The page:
Living w/ 7Ms business agenda
The gloomy picture the Covid-19 pandemic painted on the country’s business landscape has not only created radical changes on sellers and consumers’ behaviors, but also on how government agencies fulfill their mandates.
For the Department of Trade and Industry, the agency tasked to promote a competitive and innovative industry and services sector while advancing consumer rights and protection, the restrictions on physical or face-to-face transactions have altered the manner by which it delivers its services.
Particularly, the DTI will have to work harder in making the 7Ms framework become effective in uplifting the micro, small, and medium enterprises (MSMEs) – the sector consi-dered as the country’s economic driver, but unfortunately bore the brunt of the economic slowdown brought about by the Covid-19 pandemic.
DTI’s 7Ms framework stands for mindset change, mastery, mentoring, money, machine, market access, and models of negosyo.
Among the 7Ms, possibly the most challenging for the MSMEs is mindset change as this is no longer confined to convincing them to embrace the right and positive entrepreneurial attitude, but has also called on the MSMEs to accept the fact that the business landscape amidst the pandemic is now geared towards contactless and cashless transactions.
DTI-Cordillera Trade and Industry Development Specialist Chief Felicitas Bandonill shared the view that entrepreneurs have no choice but to adapt to the changing business landscape.
Particularly, MSMEs are being encouraged to boost their online presence and use social media to reach and communicate with their customers, a concern that can only be addressed fully if the country’s Internet connectivity is improved.
“They have to adjust to the new normal despite the challenges,” Bandonnil said, noting the problem on poor Internet connectivity is not exclusive to MSMEs in the Cordillera, but also to those in other regions.
Even the DTI has to adjust the conduct of training to equip the MSMEs with the right skills and tools to help them get back on their feet.
“We have adopted the blended (mode) of providing trainings – online and physical. In instances where our speakers cannot interact with the trainees online due to lack of Internet connectivity, we record their lectures to be viewed by participants attending face-to-face trainings,” Bandonill said.
She is optimistic the trainings for MSMEs to do social media marketing, how to go about cashless transactions, and how to package products for delivery to areas other than where these were manufactured or produced will help boost the sector’s competitiveness.
In terms of fund assistance, DTI, in partnership with local government units and other institutions have been providing low interest, non-collateral loans to help the MSMEs.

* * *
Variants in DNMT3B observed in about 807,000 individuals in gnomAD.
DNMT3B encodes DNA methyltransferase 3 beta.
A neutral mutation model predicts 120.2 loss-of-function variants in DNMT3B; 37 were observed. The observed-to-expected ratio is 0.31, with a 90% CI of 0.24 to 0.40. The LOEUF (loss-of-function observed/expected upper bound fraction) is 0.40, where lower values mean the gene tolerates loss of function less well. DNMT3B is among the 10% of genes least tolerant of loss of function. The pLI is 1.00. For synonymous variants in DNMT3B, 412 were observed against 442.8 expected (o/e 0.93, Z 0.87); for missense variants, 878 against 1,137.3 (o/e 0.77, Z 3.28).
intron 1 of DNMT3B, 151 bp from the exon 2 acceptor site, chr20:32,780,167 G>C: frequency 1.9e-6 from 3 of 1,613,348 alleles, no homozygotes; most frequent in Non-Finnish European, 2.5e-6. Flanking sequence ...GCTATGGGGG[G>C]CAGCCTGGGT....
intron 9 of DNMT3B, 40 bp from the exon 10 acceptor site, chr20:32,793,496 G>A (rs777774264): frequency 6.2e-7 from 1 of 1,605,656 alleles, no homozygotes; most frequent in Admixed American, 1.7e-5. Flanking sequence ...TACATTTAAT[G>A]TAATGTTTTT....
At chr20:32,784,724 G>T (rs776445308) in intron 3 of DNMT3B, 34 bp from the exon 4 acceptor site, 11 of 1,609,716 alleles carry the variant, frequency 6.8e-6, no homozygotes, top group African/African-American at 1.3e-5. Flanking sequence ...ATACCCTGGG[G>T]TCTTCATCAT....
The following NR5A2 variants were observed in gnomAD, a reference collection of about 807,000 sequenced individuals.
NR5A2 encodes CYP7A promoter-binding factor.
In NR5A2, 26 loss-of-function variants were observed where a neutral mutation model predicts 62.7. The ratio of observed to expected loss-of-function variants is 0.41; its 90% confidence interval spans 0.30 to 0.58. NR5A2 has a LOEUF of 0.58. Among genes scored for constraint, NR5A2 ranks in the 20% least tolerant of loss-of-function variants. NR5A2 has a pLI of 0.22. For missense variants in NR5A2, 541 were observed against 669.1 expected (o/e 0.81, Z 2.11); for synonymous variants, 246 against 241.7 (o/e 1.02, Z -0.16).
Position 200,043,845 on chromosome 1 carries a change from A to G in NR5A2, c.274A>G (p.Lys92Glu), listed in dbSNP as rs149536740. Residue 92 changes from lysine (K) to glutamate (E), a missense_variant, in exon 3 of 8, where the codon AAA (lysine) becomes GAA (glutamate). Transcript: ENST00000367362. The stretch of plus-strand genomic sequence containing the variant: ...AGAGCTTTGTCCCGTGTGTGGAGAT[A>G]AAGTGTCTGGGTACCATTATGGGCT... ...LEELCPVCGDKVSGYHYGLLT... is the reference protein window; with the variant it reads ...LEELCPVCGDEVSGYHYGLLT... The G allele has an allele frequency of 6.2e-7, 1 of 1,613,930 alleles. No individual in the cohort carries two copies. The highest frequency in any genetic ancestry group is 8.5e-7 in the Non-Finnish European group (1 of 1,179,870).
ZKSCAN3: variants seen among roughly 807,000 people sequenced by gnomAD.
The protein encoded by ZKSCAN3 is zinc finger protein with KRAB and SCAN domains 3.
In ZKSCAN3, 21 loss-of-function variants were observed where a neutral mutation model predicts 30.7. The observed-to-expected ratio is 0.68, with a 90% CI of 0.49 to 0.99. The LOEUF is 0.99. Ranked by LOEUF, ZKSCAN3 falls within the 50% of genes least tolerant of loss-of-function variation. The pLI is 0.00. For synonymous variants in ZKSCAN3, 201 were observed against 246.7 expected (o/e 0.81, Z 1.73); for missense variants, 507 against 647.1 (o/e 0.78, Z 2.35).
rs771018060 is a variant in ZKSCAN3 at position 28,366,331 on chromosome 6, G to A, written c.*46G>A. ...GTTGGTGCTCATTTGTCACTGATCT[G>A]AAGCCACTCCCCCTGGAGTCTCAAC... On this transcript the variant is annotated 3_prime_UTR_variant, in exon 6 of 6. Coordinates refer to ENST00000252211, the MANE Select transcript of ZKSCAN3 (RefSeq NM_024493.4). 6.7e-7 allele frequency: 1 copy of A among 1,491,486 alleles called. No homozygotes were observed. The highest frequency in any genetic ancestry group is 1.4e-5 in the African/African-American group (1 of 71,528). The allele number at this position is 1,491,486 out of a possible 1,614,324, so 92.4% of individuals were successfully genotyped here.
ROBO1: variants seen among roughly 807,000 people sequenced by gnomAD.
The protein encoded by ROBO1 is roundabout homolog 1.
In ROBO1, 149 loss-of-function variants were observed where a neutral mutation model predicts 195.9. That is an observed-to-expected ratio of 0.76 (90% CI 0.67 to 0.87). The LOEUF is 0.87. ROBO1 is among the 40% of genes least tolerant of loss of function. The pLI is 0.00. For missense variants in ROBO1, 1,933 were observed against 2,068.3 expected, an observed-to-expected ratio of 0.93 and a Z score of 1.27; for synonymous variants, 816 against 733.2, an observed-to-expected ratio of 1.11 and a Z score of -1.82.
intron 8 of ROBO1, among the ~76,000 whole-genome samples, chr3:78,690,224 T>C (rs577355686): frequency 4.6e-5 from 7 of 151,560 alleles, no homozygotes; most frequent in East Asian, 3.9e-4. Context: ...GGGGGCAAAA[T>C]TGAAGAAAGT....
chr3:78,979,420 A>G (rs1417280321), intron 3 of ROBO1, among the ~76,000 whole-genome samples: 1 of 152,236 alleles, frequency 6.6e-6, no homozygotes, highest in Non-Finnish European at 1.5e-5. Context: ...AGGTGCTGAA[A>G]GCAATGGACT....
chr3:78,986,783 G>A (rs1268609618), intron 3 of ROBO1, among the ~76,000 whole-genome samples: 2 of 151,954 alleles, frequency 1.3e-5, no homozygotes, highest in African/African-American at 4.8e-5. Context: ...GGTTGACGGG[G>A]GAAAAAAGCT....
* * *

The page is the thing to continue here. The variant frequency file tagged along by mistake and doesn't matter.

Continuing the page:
In July, DTI’s financing arm, Small Business Corp., has so far released P22 million under the agency’s Covid-19 Assistance to Restart Enterprises program to help MSMEs recover from their losses. Forty-six MSMEs in the Cordillera have availed of the loan.
In Baguio, the city government launched the P100 million Revitalization Actions for a Vibrant Economy-Economic Stimulus Package, a zero-interest, soft loan for 9,209 MSMEs affected by the closure of non-essential businesses when the government started imposing a lockdown in March.
In terms of providing market access, the DTI has also gone online in helping the MSMEs promote their products.
In November, DTI-Cordillera launched the virtual trade exposition, “Impakabsat,” in which products of 80 MSMEs engaged in the production, manufacture, and sale of various products for personal, home and office use were showcased.
Through market access, one of DTI’s 7Ms framework, the agency also linked the MSMEs to major malls through the Go Lokal advocacy in which products from MSMEs are featured in spaces allotted by large shopping centers.
The economic losses incurred by the MSMEs from the Covid-19 pandemic could not be ascertained.
According to DTI-Cordillera data as of Nov. 30, the estimated number of MSMEs operating in full are 13,189; 10,698 on limited operations; and 2,705 have ceased operations.
Bandonill said during the enhanced community quarantine, 80 percent of the MSMEs have ceased operations, majority of which are micro enterprises or those with capitalization of P3M and below.
Just like the other sectors, Bandonill said the DTI has high hopes the MSMEs will slowly recover with the gradual and expanded opening of industries.
And although the full operations and full recovery of MSMEs are uncertain until the vaccine against the Covid-19 is available, Bandonill said one thing remains certain: Government agencies, like the DTI, will continue fulfilling their mandates to help every sector of society get back on their feet and overcome the challenges brought about by the pandemic.